Vermont Introduces Constitutional Amendment to Prohibit Murder

MONTPELIER – The Vermont Senate will vote on a constitutional amendment that will explicitly prohibit the murdering of other humans. The amendment cleared committee this week with unanimous approval. This proposed change to the state’s constitution comes right on the heels of another proposed amendment that would change the existing language around slavery.

The current constitutional language does prohibit slavery, but includes language that could be interpreted as allowing slaves that are under the age of 21. Some, especially Vermont’s African-American community, have argued that this new amendment is necessary to ensure support and freedom for all citizens, while others, especially white residents claiming to be “extra woke,” continue to suggest that it is an unnecessary change.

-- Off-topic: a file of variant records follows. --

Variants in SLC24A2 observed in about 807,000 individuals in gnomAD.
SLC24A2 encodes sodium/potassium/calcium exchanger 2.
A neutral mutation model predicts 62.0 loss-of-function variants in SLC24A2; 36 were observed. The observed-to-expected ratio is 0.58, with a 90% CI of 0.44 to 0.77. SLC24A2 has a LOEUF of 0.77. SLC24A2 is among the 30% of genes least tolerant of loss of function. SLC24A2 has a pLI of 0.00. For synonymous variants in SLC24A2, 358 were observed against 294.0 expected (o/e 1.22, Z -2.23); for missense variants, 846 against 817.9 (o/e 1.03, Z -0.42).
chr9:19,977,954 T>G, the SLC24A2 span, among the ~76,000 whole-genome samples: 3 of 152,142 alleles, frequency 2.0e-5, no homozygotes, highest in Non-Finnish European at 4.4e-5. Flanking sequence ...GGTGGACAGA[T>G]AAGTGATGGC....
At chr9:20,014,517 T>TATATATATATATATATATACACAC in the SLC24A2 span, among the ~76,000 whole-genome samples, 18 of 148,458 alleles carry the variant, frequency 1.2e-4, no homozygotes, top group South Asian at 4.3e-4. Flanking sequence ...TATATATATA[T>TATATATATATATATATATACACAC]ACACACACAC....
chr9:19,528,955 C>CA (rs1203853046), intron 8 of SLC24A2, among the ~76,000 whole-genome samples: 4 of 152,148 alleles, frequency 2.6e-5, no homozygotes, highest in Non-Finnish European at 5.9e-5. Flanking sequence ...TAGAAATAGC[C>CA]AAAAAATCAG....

The newest amendment against murder was introduced by Sen. Olive Smatter of Franklin County, who claims it has nothing to do with the amendment on slavery. Instead she insists that without a specific prohibition on murder in the constitution, laws could be changed in the future that would allow someone to take her life without her consent.

“This has nothing to do with slavery,” Smatter told the press, “but if they get to change something, I should too. And slavery’s already in there actually. But the word murder doesn’t even appear in the document at all. That should terrify all of you. Do you want to be murdered? Because they will murder you.”

Smatter would not elaborate on who “they” are that she referenced eleven times during her press conference, but did say that if this clears all the hurdles and becomes an actual ratified amendment, she hopes to pen further amendments to clarify Vermont’s constitution. Other topics she referenced that may need amendments include nine additional commandments, which lives matter, and the definition of “organic.”